700 Credit Score

700 Credit Score

Having a 700 credit score is an OK place to start with good room for improvement.  Of course a credit score of 800 or higher is most desirable so that’s the target you can aim for.  Within the top credit ratings you will likely be able to receive a lender’s best interest rates. That gives you the luxury to shop around and demand for the most promising conditions. You will be looked upon positively when creditors are deciding whether or not you are a good risk.

700 credit score

However, we’re getting a bit ahead of ourselves.  A credit score in the mid 700s is still considered the best risk.  But with a 700 credit score, you’re not quite there either.  You might want to put in some effort to improve your credit score just a little bit more so you get best interest rates you possibly can.

Keep in mind that you will probably have somewhat varying scores in each of the credit bureaus. The counterpart of that score of 700 from Experian might be a score of 670 at TransUnion. This happens because some creditors only report to one or two of the three credit bureaus. I suggest you get a credit report from each of the three, and then compare them.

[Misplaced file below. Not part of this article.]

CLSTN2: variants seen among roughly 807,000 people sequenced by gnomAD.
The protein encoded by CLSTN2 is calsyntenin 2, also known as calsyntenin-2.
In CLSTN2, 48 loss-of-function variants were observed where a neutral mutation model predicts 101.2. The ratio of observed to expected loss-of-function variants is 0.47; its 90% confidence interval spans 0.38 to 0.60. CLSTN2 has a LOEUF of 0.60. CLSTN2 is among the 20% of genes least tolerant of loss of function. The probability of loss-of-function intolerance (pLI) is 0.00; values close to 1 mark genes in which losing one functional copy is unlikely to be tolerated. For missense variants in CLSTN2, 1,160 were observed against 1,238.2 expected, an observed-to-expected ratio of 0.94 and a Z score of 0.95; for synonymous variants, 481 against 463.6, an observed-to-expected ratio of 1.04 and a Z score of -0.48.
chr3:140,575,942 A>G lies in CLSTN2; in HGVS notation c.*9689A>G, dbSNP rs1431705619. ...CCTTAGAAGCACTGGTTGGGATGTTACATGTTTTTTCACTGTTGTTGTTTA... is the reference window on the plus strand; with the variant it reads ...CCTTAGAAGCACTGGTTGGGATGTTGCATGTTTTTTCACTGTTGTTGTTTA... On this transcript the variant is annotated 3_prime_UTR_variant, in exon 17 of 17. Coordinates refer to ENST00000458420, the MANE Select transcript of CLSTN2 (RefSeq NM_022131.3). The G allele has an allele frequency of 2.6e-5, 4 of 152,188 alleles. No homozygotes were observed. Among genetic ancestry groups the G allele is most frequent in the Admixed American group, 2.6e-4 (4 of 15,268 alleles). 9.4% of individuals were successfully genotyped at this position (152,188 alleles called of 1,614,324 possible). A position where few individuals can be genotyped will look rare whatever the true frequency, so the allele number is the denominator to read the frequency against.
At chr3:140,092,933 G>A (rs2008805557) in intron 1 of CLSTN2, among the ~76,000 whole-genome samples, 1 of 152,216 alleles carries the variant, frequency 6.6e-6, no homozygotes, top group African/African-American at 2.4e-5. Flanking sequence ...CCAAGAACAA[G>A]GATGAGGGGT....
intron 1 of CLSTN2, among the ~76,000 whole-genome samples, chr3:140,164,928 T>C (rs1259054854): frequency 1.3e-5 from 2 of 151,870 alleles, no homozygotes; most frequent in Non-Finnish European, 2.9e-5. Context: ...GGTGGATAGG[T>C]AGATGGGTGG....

700 is unquestionably a decent credit score, but increasing it by about 30-50 points can save you hundreds or even thousands of dollars over the long haul.

Improving Your 700 Credit Score

Here are some suggestions to help you improve your score.  First and foremost, pay your bills on time!  And then see to it that you have at least one credit card, or some kind of installment loan.  Without some form of active credit you can’t get much of a score.

Also, avoid having any credit cards that are not activated.  You may intend to use them during emergencies, but being inactive, they are considered as dormant accounts which can negatively affect your score.

Don’t have too many credit cards either.  Three or four should be the maximum number.  And never open more than one separate credit card account at a time.  Doing so might cause multiple credit inquiries, which will possibly lower your credit score.

If you come upon a situation where you know in advance that you won’t be able to make credit card payments on time, just negotiate ahead of time with the creditor.  And never forget to keep track of your credit report to make sure all information is precise.

If you are zeroing in on boosting your credit score, just keep these tips in mind and you might just get the oomph you need for it.  Pretty soon that 700 credit score will be a thing of the past as you soar to higher levels.